Round 17 (Pick 262): Eduardo Escobar, 3B, ARI
Eduardo Escobar is a prime regression candidate following his career year, but there’s nothing wrong with drafting a guy who put up 35 homers and 212 R+RBI last year as a backup. He hovered around league average in xwOBA, xSLG, and xBA and, despite his HR output, he was below average in average exit velocity and hard-hit percentage. His ADP in NFBC is currently at 115, so even if Escobar comes back down to Earth, he should still be a very solid contributor and a steal at pick 262. Between JoRam, Sano, and Escobar, I was able to take advantage of a deep position and should get a huge impact from 3B/UT.
Round 18 (Pick 283): Danny Santana, UTIL, TEX
I don’t love Danny Santana, but I can’t ignore the fact that he hits the ball hard (90th percentile exit velocity), he’s fast (70th percentile sprint speed), and he’s eligible nearly everywhere. Even though he’s currently a starting outfielder for me, the roster flexibility of being able to slot him into literally every batting position other than catcher will be very valuable.
Round 19 (Pick 294): Alek Thomas, OF, ARI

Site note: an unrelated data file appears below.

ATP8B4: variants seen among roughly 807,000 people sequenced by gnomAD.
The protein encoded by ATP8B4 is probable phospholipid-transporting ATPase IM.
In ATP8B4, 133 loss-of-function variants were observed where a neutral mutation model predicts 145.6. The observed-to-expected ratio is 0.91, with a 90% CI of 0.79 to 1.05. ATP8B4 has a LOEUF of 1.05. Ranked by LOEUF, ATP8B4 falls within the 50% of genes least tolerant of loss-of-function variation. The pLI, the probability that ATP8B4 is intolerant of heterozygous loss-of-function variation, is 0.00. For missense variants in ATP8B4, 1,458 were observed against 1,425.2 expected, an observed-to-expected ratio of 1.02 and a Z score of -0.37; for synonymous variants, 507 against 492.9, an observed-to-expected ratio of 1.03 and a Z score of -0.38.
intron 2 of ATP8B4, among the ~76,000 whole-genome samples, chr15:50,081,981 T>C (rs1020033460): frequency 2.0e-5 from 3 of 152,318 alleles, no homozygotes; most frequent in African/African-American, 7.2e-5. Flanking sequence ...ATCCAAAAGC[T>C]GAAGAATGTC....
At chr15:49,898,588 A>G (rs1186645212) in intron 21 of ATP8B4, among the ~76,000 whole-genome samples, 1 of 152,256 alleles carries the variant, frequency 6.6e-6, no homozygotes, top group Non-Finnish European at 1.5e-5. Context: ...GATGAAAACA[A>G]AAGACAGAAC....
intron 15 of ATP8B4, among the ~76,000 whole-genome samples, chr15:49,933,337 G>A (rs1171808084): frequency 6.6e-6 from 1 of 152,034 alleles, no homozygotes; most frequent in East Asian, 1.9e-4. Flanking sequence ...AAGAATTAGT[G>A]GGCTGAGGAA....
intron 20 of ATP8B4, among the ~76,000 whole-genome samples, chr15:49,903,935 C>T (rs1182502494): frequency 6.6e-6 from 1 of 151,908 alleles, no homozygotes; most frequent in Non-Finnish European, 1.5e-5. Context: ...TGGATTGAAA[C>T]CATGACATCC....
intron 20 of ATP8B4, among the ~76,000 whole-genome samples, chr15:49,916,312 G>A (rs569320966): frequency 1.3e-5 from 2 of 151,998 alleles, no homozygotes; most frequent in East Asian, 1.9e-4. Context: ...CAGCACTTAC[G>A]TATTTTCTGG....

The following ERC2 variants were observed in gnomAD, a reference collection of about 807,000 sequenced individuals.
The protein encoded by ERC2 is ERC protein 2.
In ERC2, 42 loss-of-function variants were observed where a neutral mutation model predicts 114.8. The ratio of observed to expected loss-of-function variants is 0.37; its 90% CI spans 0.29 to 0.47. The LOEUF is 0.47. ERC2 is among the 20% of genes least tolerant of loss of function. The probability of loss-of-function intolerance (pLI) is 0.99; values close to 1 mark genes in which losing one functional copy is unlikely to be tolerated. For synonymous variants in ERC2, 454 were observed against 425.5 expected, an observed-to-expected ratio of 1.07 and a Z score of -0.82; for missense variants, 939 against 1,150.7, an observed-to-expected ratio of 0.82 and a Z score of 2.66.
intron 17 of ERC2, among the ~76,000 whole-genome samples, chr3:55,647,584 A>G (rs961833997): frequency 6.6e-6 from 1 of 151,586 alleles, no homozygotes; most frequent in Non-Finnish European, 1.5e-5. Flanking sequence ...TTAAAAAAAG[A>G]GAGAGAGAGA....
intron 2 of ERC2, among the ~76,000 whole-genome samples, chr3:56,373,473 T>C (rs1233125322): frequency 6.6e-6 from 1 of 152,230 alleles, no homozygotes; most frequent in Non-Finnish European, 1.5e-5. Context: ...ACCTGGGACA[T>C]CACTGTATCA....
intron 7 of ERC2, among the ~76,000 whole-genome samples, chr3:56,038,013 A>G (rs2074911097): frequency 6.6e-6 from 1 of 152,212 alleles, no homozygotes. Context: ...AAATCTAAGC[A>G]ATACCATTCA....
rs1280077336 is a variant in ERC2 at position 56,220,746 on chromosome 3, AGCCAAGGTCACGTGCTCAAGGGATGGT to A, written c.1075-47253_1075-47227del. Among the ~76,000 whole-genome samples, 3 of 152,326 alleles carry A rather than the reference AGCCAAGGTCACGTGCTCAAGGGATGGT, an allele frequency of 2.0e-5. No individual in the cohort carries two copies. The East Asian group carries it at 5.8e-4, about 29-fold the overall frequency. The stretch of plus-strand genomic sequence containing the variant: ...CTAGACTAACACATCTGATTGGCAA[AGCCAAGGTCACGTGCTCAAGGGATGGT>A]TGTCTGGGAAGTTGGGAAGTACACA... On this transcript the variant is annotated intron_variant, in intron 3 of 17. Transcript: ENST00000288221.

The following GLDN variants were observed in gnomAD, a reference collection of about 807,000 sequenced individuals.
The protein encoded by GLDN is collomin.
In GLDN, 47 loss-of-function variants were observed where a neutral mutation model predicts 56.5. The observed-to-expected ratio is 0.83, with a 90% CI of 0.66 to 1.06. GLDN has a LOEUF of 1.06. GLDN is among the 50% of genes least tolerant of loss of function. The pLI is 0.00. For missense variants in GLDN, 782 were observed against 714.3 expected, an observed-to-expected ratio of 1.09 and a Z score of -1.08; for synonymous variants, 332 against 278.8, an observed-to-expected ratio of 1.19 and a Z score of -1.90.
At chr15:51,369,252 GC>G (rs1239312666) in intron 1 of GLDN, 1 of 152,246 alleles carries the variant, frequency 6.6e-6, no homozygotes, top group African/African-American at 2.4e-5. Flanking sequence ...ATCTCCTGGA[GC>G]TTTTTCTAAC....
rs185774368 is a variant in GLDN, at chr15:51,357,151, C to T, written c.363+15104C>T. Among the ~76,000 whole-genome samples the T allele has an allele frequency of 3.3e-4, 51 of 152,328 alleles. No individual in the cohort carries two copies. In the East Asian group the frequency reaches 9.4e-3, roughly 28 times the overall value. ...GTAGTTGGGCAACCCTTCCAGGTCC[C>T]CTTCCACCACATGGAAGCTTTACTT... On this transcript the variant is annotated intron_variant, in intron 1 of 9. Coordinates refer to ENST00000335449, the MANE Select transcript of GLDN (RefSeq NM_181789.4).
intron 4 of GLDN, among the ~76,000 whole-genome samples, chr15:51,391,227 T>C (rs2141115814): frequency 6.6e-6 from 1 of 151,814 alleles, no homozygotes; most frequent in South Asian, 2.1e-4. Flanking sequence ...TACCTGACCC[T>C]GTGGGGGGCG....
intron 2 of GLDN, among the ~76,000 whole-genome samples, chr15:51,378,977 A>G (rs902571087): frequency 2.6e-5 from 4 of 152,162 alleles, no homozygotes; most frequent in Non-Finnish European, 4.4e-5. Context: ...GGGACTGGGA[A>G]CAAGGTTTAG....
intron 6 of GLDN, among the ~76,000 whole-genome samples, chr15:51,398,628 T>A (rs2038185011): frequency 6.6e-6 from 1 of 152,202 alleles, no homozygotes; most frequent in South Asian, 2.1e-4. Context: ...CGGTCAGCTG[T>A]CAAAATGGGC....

Alek Thomas flew up rankings last season and, entering 2020, has positioned himself squarely in the top 50-75 prospects in baseball. Thomas has the potential to contribute everywhere and has already showcased his above-average hit tool, power, and speed in his first full season of professional baseball. I think another strong season could see him end up within the top 25 prospects, which would either give me some exciting youth coming up in the farm or a nice trade chip moving forward.
Round 20 (Pick 315): Justin Upton, OF, LAA
I wanted one more veteran outfielder that could help my team for this season and decided Justin Upton in the 20th round seemed like good enough value to fill that role. 2019 was a lost year for Upton, but that was the first year since 2009 (yes, a full decade ago) that Upton had fewer than 570 plate appearances in a season. Despite being around for 13 seasons already, Upton is only 32, and I have faith that he can bounce back from the injury and put up a solid — albeit not overly exciting — stat line in 2020.
Round 21 (Pick 326): Jordan Groshans, 3B/SS, TOR
Groshans has only played a total of 71 games across two seasons, but the tools he possesses are exciting. He’s already a decent fielder with a strong arm that should let him stick at third base and perhaps bump Vladimir Guerrero Jr. over to first. The hit tool is going to be the deciding factor for Groshans, as his raw power is certainly real and there’s enough speed to potentially contribute in stolen bases, as well. Likely starting the season in A-ball, Groshans is a few years away but should be an exciting part of the young core of the Blue Jays’ future.